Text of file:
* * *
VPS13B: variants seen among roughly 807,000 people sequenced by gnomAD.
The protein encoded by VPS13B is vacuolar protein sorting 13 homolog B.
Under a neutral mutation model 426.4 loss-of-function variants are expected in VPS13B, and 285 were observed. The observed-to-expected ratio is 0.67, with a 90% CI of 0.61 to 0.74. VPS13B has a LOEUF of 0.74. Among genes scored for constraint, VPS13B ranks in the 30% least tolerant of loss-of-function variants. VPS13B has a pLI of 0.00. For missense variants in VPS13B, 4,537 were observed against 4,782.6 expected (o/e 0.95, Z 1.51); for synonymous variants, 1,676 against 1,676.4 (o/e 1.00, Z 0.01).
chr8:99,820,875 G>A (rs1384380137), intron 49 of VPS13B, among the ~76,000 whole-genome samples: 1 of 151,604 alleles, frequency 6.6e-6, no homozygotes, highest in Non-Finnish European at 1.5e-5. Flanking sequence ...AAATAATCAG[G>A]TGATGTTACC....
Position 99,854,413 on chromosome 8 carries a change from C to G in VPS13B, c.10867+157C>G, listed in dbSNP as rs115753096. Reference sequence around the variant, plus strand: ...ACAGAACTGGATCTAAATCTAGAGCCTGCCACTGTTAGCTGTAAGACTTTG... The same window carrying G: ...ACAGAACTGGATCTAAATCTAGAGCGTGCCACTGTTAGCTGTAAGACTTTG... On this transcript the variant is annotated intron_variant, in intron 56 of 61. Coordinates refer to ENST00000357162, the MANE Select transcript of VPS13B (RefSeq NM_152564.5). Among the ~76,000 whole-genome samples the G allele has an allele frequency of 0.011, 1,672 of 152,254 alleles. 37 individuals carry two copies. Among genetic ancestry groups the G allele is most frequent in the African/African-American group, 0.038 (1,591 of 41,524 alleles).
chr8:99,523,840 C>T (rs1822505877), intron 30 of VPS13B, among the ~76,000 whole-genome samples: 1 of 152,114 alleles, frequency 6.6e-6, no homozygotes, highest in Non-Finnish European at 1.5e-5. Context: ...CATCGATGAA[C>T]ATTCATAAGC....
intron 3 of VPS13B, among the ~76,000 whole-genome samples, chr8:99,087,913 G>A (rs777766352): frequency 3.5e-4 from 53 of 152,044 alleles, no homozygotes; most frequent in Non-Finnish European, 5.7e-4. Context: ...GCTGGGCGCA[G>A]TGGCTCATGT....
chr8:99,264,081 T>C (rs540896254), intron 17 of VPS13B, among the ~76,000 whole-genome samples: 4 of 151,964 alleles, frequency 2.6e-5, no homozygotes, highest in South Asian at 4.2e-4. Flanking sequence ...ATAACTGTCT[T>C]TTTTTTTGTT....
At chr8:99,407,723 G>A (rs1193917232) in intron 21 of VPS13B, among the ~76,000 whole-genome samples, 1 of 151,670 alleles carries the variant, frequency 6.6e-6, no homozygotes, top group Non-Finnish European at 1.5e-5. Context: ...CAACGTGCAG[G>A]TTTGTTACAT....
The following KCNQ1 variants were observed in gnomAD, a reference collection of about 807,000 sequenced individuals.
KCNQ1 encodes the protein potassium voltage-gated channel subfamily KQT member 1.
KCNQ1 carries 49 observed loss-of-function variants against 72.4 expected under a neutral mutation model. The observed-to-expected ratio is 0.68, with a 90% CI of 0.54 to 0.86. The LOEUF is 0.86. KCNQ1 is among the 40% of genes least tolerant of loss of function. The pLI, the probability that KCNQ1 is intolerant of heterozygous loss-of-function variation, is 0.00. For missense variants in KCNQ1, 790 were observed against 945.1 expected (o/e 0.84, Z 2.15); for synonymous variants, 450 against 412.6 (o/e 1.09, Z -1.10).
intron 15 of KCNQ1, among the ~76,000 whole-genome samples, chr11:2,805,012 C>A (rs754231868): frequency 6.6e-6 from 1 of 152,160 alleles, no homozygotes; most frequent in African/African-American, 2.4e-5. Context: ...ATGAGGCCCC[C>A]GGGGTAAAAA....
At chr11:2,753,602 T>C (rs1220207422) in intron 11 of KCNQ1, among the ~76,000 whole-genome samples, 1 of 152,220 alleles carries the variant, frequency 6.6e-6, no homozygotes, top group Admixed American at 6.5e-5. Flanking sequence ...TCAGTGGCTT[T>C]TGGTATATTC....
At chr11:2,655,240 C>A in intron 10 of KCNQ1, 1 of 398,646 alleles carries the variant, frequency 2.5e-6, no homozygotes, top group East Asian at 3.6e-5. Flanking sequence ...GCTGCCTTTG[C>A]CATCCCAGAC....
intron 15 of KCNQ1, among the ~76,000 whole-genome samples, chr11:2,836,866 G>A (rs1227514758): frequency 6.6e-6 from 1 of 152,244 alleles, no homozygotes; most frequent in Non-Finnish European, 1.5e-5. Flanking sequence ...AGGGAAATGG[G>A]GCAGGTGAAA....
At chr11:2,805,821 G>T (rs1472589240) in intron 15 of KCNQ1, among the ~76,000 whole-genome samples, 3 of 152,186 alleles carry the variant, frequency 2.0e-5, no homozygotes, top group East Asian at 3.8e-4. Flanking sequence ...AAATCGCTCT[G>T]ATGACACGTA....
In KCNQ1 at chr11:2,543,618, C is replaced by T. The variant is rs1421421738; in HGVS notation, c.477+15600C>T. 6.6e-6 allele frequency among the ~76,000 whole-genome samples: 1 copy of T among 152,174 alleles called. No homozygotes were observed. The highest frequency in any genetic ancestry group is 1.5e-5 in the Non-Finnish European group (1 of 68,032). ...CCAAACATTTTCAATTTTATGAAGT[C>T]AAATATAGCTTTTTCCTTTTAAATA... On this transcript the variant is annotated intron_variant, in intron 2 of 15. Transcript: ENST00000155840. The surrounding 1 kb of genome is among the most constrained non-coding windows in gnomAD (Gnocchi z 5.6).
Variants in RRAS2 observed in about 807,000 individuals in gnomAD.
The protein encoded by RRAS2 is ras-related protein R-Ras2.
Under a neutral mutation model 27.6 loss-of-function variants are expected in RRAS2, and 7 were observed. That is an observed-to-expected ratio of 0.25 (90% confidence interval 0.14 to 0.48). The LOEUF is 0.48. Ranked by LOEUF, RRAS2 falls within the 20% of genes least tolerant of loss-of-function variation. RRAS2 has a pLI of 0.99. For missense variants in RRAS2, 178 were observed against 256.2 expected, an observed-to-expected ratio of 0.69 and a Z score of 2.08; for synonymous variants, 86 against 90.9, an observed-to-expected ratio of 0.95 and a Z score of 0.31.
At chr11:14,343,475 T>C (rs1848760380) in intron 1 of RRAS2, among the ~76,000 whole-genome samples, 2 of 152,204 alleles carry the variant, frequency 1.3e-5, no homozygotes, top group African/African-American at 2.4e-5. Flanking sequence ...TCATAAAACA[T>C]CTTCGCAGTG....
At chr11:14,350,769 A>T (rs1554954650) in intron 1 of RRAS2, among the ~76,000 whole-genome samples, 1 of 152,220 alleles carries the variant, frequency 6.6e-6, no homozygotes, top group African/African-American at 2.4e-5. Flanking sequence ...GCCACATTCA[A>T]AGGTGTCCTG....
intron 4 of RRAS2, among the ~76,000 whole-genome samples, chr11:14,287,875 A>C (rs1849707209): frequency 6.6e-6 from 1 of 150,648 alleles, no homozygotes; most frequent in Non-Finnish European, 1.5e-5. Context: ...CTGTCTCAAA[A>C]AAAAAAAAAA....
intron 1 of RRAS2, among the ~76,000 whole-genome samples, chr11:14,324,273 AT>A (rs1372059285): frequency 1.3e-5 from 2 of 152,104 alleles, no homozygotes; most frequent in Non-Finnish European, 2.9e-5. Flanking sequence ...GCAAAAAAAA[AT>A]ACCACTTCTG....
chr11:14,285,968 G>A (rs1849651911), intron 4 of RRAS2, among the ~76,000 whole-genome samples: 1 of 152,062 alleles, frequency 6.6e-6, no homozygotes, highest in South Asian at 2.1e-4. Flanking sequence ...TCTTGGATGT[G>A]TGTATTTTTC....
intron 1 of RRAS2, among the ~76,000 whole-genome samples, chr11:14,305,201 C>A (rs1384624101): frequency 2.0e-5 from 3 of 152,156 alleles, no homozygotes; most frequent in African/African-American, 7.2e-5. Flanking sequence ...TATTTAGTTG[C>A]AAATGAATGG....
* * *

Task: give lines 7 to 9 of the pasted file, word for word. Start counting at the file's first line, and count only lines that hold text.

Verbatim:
intron 3 of VPS13B, among the ~76,000 whole-genome samples, chr8:99,087,913 G>A (rs777766352): frequency 3.5e-4 from 53 of 152,044 alleles, no homozygotes; most frequent in Non-Finnish European, 5.7e-4. Context: ...GCTGGGCGCA[G>A]TGGCTCATGT....
chr8:99,264,081 T>C (rs540896254), intron 17 of VPS13B, among the ~76,000 whole-genome samples: 4 of 151,964 alleles, frequency 2.6e-5, no homozygotes, highest in South Asian at 4.2e-4. Flanking sequence ...ATAACTGTCT[T>C]TTTTTTTGTT....
At chr8:99,407,723 G>A (rs1193917232) in intron 21 of VPS13B, among the ~76,000 whole-genome samples, 1 of 151,670 alleles carries the variant, frequency 6.6e-6, no homozygotes, top group Non-Finnish European at 1.5e-5. Context: ...CAACGTGCAG[G>A]TTTGTTACAT....